The main focus of this book is the intersection of Islamic and Indian Ocean histories; the main purpose is to illustrate relationships among ideology, culture, and economics. The intersection is potentially a rich area for research but is complicated by subspecialty boundaries, the huge expanses of time and space, and linguistic challenges. Despite these difficulties, there is a growing body of relevant scholarly literature. Such research has generated questions that help to shape this book: What were the relationships between littoral Asia and land-based empires? How can we best explain the role played by West Europeans in the Indian Ocean region, particularly in relation to Muslims? What difference did it make to be a Muslim merchant?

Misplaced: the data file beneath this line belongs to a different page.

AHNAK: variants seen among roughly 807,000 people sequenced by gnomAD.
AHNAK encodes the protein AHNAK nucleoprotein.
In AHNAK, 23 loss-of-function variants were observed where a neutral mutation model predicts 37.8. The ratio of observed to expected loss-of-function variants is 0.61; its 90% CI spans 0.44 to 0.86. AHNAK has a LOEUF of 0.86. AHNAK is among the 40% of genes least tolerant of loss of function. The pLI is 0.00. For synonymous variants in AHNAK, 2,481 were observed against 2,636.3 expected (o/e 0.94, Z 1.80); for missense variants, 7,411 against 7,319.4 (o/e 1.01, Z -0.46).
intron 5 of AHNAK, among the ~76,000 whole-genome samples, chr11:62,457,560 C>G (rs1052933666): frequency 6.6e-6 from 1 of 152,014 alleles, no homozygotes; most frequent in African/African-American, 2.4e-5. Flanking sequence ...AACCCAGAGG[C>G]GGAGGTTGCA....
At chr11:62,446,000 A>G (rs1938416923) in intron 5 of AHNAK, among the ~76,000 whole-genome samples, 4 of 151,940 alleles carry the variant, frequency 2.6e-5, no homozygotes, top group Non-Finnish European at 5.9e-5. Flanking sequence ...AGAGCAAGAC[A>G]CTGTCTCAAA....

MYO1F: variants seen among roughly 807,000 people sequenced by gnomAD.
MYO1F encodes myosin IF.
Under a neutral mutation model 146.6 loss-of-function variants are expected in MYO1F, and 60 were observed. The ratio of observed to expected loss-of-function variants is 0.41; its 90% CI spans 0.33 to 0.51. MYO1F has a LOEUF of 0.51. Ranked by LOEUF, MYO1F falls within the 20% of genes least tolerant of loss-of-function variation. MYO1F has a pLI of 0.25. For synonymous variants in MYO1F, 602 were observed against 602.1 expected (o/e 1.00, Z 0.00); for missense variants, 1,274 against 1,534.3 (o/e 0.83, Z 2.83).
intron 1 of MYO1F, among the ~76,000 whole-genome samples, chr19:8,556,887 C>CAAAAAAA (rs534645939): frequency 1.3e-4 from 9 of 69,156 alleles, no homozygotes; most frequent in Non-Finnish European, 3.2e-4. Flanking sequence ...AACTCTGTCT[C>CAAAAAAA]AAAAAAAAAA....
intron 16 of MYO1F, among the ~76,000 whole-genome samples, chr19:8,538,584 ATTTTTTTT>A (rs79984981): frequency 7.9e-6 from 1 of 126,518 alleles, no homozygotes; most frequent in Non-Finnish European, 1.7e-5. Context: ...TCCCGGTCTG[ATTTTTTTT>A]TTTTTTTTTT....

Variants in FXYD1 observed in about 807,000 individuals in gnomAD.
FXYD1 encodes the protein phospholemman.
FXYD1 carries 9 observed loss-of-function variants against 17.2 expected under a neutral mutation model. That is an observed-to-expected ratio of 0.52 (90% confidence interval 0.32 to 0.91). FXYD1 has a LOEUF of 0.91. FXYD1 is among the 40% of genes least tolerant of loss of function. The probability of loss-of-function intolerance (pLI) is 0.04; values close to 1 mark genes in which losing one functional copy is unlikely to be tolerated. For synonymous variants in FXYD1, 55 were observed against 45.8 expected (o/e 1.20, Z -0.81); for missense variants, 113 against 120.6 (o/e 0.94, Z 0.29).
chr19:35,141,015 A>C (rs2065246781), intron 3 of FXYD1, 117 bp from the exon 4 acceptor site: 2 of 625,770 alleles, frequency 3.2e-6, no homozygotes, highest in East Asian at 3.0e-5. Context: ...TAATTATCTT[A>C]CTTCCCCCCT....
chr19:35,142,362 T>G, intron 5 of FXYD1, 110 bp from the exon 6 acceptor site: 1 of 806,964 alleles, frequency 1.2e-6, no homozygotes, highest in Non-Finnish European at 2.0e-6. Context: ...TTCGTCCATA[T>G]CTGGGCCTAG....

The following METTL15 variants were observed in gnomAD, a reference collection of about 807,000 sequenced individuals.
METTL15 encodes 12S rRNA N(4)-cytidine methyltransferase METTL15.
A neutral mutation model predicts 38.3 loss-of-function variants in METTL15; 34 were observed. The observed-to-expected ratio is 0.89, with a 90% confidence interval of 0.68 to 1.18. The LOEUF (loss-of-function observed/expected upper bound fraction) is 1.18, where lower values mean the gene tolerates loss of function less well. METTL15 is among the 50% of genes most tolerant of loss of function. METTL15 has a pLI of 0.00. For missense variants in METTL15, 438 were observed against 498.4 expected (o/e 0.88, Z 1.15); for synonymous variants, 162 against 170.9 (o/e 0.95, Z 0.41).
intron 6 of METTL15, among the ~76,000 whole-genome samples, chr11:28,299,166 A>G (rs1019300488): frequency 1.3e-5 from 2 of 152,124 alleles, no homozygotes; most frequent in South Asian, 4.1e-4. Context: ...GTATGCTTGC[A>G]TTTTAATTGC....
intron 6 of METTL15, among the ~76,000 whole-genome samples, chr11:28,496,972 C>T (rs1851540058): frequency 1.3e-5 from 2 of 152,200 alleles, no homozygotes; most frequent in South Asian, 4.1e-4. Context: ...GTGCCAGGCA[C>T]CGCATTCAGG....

Within the historical framework of land-based states, particularly of Islamic states, this book explores the less accessible story of maritime Asians, particularly Muslims. General histories of the Islamic world seldom draw upon research dealing with the Indian Ocean, probably because the latter is often couched in the technical language of economic theories and systems. In order to make that material more accessible to non-specialist readers and to students, this study attempts to distill some of its more significant results and connect them to well-established features of Islamic and Asian history. The emphasis on Muslims dictates the starting point of the seventh century. The mid-nineteenth century is a reasonable place to stop not just because of the consolidation of the British Empire but also because, by then, the impact of European technology was evident. Also in that century, Muslims lost their high profile in the Indian Ocean. There is no attempt to impose analytic unity on the fourteen hundred or so years covered here; rather, Chapters 2 through 5 have their own chronology and illustrate themes reflected in their titles. Chapter 2 deals with the rise, development, and especially the expansion of Islam and the dispersion of Muslims as far as the coast of China. The third chapter follows further expansion and permanent Islamization in South Asia, Southeast Asia, and East Africa during a middle era, when military states dominated the Asian landmass. Chapters 4 and 5 form a complementary pair, examining the early modern era first with an emphasis on Asian strengths and then in terms of European impact. The chapter themes are drawn together by historiographical con